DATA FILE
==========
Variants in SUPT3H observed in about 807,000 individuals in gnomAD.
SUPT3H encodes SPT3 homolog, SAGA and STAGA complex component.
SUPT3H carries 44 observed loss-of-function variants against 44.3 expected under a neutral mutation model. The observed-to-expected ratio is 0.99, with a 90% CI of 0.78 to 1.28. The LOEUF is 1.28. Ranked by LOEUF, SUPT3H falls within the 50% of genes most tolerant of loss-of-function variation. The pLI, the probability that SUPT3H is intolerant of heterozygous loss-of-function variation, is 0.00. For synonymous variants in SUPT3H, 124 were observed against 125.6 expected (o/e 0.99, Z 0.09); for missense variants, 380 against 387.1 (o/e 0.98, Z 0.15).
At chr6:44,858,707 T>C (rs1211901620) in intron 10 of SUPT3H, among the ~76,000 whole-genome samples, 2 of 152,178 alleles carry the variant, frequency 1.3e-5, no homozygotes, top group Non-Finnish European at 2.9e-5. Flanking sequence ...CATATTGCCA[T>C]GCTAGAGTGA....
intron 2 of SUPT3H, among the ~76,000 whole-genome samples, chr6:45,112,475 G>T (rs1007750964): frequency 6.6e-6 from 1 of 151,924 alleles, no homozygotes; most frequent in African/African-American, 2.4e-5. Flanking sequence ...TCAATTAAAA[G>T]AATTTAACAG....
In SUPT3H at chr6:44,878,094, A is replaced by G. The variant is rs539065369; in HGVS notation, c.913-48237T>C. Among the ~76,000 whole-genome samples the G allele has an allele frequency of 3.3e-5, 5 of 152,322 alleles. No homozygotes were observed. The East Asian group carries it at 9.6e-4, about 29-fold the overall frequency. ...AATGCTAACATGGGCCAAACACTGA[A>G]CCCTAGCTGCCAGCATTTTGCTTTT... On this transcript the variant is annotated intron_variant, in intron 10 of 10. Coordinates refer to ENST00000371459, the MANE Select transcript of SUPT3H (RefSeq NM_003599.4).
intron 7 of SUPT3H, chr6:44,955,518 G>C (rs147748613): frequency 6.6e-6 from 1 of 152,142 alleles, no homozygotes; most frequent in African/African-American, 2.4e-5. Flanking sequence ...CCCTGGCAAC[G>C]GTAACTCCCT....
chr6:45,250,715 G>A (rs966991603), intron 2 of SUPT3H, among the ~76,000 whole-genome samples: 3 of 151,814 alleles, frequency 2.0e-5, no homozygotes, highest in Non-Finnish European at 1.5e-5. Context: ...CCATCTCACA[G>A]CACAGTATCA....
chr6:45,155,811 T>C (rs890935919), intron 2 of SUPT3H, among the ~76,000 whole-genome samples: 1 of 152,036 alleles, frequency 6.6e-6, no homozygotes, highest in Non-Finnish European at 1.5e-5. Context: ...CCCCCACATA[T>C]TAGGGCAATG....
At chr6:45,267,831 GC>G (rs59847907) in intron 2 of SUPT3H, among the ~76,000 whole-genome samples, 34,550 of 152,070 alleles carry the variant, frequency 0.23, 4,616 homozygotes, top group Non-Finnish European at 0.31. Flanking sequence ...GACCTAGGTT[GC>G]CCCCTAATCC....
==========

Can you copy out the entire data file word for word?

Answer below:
Variants in SUPT3H observed in about 807,000 individuals in gnomAD.
SUPT3H encodes SPT3 homolog, SAGA and STAGA complex component.
SUPT3H carries 44 observed loss-of-function variants against 44.3 expected under a neutral mutation model. The observed-to-expected ratio is 0.99, with a 90% CI of 0.78 to 1.28. The LOEUF is 1.28. Ranked by LOEUF, SUPT3H falls within the 50% of genes most tolerant of loss-of-function variation. The pLI, the probability that SUPT3H is intolerant of heterozygous loss-of-function variation, is 0.00. For synonymous variants in SUPT3H, 124 were observed against 125.6 expected (o/e 0.99, Z 0.09); for missense variants, 380 against 387.1 (o/e 0.98, Z 0.15).
At chr6:44,858,707 T>C (rs1211901620) in intron 10 of SUPT3H, among the ~76,000 whole-genome samples, 2 of 152,178 alleles carry the variant, frequency 1.3e-5, no homozygotes, top group Non-Finnish European at 2.9e-5. Flanking sequence ...CATATTGCCA[T>C]GCTAGAGTGA....
intron 2 of SUPT3H, among the ~76,000 whole-genome samples, chr6:45,112,475 G>T (rs1007750964): frequency 6.6e-6 from 1 of 151,924 alleles, no homozygotes; most frequent in African/African-American, 2.4e-5. Flanking sequence ...TCAATTAAAA[G>T]AATTTAACAG....
In SUPT3H at chr6:44,878,094, A is replaced by G. The variant is rs539065369; in HGVS notation, c.913-48237T>C. Among the ~76,000 whole-genome samples the G allele has an allele frequency of 3.3e-5, 5 of 152,322 alleles. No homozygotes were observed. The East Asian group carries it at 9.6e-4, about 29-fold the overall frequency. ...AATGCTAACATGGGCCAAACACTGA[A>G]CCCTAGCTGCCAGCATTTTGCTTTT... On this transcript the variant is annotated intron_variant, in intron 10 of 10. Coordinates refer to ENST00000371459, the MANE Select transcript of SUPT3H (RefSeq NM_003599.4).
intron 7 of SUPT3H, chr6:44,955,518 G>C (rs147748613): frequency 6.6e-6 from 1 of 152,142 alleles, no homozygotes; most frequent in African/African-American, 2.4e-5. Flanking sequence ...CCCTGGCAAC[G>C]GTAACTCCCT....
chr6:45,250,715 G>A (rs966991603), intron 2 of SUPT3H, among the ~76,000 whole-genome samples: 3 of 151,814 alleles, frequency 2.0e-5, no homozygotes, highest in Non-Finnish European at 1.5e-5. Context: ...CCATCTCACA[G>A]CACAGTATCA....
chr6:45,155,811 T>C (rs890935919), intron 2 of SUPT3H, among the ~76,000 whole-genome samples: 1 of 152,036 alleles, frequency 6.6e-6, no homozygotes, highest in Non-Finnish European at 1.5e-5. Context: ...CCCCCACATA[T>C]TAGGGCAATG....
At chr6:45,267,831 GC>G (rs59847907) in intron 2 of SUPT3H, among the ~76,000 whole-genome samples, 34,550 of 152,070 alleles carry the variant, frequency 0.23, 4,616 homozygotes, top group Non-Finnish European at 0.31. Flanking sequence ...GACCTAGGTT[GC>G]CCCCTAATCC....